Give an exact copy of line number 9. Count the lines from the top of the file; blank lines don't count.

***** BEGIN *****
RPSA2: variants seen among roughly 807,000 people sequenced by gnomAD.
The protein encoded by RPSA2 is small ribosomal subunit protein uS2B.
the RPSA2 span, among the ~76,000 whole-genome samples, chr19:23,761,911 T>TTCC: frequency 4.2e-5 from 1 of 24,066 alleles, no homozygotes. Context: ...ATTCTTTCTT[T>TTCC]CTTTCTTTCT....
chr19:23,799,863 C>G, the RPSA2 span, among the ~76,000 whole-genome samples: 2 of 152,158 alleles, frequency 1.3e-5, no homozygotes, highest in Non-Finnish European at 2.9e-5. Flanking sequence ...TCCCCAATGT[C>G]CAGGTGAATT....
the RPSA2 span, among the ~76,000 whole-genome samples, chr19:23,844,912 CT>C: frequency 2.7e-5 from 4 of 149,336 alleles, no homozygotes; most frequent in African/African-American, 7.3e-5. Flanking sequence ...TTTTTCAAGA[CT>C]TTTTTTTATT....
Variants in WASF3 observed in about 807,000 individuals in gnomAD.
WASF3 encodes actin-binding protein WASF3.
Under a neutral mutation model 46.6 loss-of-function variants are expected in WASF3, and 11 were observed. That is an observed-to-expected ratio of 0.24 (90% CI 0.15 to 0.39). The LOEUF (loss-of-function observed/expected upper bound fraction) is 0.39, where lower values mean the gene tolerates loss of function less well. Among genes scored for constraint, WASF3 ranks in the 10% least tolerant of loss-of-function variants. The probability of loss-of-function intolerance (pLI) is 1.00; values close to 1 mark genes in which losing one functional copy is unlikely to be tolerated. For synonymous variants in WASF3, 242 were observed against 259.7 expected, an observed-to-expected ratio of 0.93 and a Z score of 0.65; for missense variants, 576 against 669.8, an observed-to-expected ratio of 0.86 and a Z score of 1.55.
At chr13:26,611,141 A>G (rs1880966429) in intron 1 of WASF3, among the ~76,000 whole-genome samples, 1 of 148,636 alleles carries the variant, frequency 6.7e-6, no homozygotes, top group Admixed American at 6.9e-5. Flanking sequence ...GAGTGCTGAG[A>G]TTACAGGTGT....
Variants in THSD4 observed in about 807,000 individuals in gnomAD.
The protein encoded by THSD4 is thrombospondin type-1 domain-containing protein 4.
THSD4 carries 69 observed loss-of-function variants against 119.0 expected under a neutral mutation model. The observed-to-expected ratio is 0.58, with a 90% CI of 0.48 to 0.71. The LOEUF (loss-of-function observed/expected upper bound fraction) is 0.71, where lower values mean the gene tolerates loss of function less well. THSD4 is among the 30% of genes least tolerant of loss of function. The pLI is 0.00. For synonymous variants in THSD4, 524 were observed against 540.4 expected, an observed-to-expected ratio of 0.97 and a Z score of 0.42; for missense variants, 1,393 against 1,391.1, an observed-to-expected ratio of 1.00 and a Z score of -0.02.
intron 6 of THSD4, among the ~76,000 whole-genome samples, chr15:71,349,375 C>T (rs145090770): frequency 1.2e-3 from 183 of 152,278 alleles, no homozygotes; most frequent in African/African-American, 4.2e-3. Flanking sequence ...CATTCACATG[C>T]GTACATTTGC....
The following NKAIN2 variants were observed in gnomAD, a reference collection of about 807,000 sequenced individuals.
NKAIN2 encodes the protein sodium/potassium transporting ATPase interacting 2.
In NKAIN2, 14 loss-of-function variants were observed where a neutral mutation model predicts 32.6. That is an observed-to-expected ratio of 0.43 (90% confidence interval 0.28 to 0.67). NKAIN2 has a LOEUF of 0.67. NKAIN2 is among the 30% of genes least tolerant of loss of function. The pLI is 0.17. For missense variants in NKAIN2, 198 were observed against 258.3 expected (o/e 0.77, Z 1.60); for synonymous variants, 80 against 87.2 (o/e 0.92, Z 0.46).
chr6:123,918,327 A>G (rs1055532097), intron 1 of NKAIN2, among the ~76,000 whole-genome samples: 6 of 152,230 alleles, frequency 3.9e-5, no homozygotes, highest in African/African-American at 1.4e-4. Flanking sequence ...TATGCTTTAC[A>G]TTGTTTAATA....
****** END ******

At chr13:26,611,141 A>G (rs1880966429) in intron 1 of WASF3, among the ~76,000 whole-genome samples, 1 of 148,636 alleles carries the variant, frequency 6.7e-6, no homozygotes, top group Admixed American at 6.9e-5. Flanking sequence ...GAGTGCTGAG[A>G]TTACAGGTGT....